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Deep Relaxation Meditation: Guidance & Best Picks

Relax Deeply

Benefits | Technique #1 | Technique #2 | Technique #3 | Tips

We all need space to relax. Ideally on a daily basis. Stress, which has been linked to a range of health issues (including hearth disease and dementia), is fast being acknowledged as one of modern society’s most pressing problems. A high-level of stress is now seen as a risk-factor with the same potency as poor diet, hypertension and a lack of exercise.

Relaxation’s power resides in its ability to alleviate the negative consequences of stress. And (coincidentally) the kind of deep relaxation that we need doesn’t equate to settling onto the sofa with a glass of red wine (not that there’s anything wrong with that).

This guide uses modified versions of a technique called “progressive muscle relaxation” in order to monitor and control the muscle tension naturally occuring in your body. Progressive muscle relaxation was pioneered by Dr. Edmund Jacobson, and involves deliberately tensing and then relaxing each muscle group successively. 

Try one of the techniques outlined here and feel the benefits for yourself…

Benefits of Deep Relaxation Meditation

Technique #1 (Body Scan)

The “body-scan” is a very popular practice, most likely due to its simplicity. It is, in my experience, one of the best methods of releasing bodily stress. Follow the simple instructions below to begin. You can easily remember this meditation and use it whenever you need to.

  1. Beginning by focusing on your feet,
  2. Let them loosen and relax.
  3. Focusing on your shins and ankles,
  4. Let them loosen and relax.
  5. Focusing on your thighs,
  6. Let them loosen and relax.
  7. Focusing on your buttocks,
  8. Let them loosen and relax.
  9. Focusing on your belly,
  10. Let it loosen and relax.
  11. Focusing on your chest and shoulders,
  12. Let the, loosen and relax.
  13. Focusing on your arms,
  14. Let them loosen and relax.
  15. Focusing on your hands,
  16. Let them loosen and relax.
  17. Focusing on your neck,
  18. Let it loosen and relax.
  19. Focusing on your face, your eyelids, cheeks, mouth, forehead…
  20. Let it loosen and relax.

Technique #2 (Body Scan with Tensing)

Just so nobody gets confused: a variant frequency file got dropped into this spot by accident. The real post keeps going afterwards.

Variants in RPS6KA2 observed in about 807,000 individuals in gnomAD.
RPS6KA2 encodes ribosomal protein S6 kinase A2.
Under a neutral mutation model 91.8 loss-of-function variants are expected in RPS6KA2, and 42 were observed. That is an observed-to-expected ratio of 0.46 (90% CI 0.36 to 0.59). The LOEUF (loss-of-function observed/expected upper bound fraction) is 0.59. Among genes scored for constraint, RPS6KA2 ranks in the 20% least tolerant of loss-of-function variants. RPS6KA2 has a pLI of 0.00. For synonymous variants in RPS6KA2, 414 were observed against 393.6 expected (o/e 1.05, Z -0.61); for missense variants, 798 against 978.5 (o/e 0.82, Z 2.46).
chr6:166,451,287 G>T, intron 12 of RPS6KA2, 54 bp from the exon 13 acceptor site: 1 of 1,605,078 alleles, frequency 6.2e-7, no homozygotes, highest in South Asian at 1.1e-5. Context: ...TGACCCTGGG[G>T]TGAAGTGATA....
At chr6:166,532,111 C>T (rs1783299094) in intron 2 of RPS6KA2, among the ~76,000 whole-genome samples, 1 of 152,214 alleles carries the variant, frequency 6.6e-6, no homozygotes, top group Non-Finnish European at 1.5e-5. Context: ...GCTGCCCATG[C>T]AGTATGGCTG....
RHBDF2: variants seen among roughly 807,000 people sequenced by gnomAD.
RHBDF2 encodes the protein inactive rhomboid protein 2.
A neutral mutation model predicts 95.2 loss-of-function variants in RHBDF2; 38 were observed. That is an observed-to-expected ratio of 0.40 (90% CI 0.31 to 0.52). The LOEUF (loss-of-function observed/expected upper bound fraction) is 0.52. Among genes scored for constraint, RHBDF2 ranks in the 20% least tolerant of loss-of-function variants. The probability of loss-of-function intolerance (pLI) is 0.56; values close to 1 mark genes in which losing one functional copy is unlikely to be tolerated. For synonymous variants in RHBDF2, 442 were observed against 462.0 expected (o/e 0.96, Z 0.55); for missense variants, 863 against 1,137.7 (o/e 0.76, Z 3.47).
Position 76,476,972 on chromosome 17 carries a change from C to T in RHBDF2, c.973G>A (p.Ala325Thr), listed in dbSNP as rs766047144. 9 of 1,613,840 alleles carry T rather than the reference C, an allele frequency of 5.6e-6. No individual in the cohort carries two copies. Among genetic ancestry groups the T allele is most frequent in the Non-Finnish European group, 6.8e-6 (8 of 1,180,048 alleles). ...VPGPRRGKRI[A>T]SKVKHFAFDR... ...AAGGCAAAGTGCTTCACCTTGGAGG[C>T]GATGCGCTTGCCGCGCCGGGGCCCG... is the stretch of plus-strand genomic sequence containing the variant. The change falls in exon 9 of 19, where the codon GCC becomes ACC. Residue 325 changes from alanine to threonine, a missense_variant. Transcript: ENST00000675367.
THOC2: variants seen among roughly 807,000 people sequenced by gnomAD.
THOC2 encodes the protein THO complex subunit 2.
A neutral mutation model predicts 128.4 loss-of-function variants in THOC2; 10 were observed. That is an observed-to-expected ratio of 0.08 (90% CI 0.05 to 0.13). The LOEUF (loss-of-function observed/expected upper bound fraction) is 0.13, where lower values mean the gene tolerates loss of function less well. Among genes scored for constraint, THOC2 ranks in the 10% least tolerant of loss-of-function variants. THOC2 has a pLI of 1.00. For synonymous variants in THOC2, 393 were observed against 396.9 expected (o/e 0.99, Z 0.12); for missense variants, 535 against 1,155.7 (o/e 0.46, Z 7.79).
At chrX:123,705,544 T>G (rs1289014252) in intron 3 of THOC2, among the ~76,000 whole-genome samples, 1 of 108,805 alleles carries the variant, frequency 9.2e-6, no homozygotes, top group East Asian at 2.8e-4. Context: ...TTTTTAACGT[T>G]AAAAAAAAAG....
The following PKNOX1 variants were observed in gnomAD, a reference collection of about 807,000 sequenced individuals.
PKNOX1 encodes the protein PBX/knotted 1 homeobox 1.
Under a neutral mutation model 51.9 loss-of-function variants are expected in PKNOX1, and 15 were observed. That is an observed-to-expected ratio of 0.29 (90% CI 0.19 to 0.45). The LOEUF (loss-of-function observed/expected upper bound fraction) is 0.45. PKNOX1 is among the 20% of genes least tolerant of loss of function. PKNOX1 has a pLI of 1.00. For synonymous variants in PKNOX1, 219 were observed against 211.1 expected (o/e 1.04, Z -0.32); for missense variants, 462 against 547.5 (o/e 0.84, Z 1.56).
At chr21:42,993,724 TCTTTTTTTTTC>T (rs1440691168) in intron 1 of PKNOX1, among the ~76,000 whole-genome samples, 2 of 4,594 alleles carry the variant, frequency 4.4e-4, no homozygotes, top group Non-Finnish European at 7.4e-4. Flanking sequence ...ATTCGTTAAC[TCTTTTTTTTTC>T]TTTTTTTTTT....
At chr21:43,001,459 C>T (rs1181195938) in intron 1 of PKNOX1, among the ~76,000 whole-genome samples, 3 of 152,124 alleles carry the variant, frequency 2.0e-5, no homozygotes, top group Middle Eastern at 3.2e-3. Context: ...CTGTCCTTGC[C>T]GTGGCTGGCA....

1. Begin by taking a handful of very deep and calming breaths. As you inhale feel your whole body fill with warmth. As you exhale, release any tension and worry.
  2. As you inhale, gently clench your right fist.
  3. As you exhale, loosen it completely.
  4. Inhaling, tense your whole right arm; exhaling, relax.
  5. Inhaling, tense your left fist; exhaling, relax.
  6. Inhaling, tense your whole left arm; exhaling, relax.
  7. Inhaling, tense both your left and right arms together; exhaling, relax completely.
  8. Inhaling, tense your right foot; exhaling, let it relax.
  9. Inhaling, tense your whole right leg; exhaling, relax.
  10. Inhaling, tense your left foot; exhaling, relax.
  11. Inhaling, tense your whole left leg; exhaling, relax.
  12. Inhaling, tense both your right and left legs; exhaling, relax completely.
  13. Finally tense both your arms and legs together; exhaling, loosen completely.
  14. Take a few moments to feel the deep relaxation in your muscles.

Technique #3 (Body Awareness)

The Buddhist teacher B. Alan Wallace recommends “full-body awareness” meditation as an optimal tension-releasing practice. He makes the point that attempting to focus just on a specific point early on can lead to more seizing-up, especially for us hyper-focused, goal-orientated westerners.2


In this meditation, just guide your awareness into your body and let it rest there. There are no constraints placed on the attention so you may experience the body in its completeness or drift between different sensations. Here are a few guidelines:

  1. Take three deep, calming breaths. 
  2. With each inhalation, feel your whole body filling with warmth. Let each exhalation be a “letting go” of any bodily tensions. Rest in each breath. 
  3. After you have relaxed a little, let your attention loosely rest on the bodily sensations of your breathing. You may wish to gently follow each breath from the tip of your nostrils down into your belly, in and out, or become aware of the points in your body where the physical feelings naturally manifest. 
  4. Whenever you become distracted, simple return to your breathing.

Tips

  • Although suitable for any time, deep relaxation meditations are usually best done after work. They can be a means of “letting go” of the accrued stresses and strains of the day. Equally, you needn’t worry about any time constraints. 
  • In technique #3, if you find that need a specific point to focus on, simple rest your awareness on your belly or the tip of your mostrils, whichever you find most calming.
  • Always combat mental agitation by relaxing more deeply, not by trying to focus harder. 

Some Picks from Youtube & Around the Web

Here’s a selection of four of my favourite guided “deep relaxation meditations.” There are also some links to good guided meditations on other websites.

Guided meditation from B. Alan Wallace (begins bout two minutes in): Click Here

Huffington Post video for relinquishing anxiety but also great for relaxation: Click Here

Footnotes

1. http://www.independent.co.uk/life-style/health-and-families/features/relax-your-way-to-perfect-health-1763109.html

2. https://www.youtube.com/watch?v=yEis5vd6EtU

Additional sources:
Jacobson, E. (1938). Progressive relaxation. University of Chicago Press

http://www.anxietycentre.com/anxiety-symptoms/muscle-tension.shtml

Image credit: “Drops in the Ocean” by Alex Coltus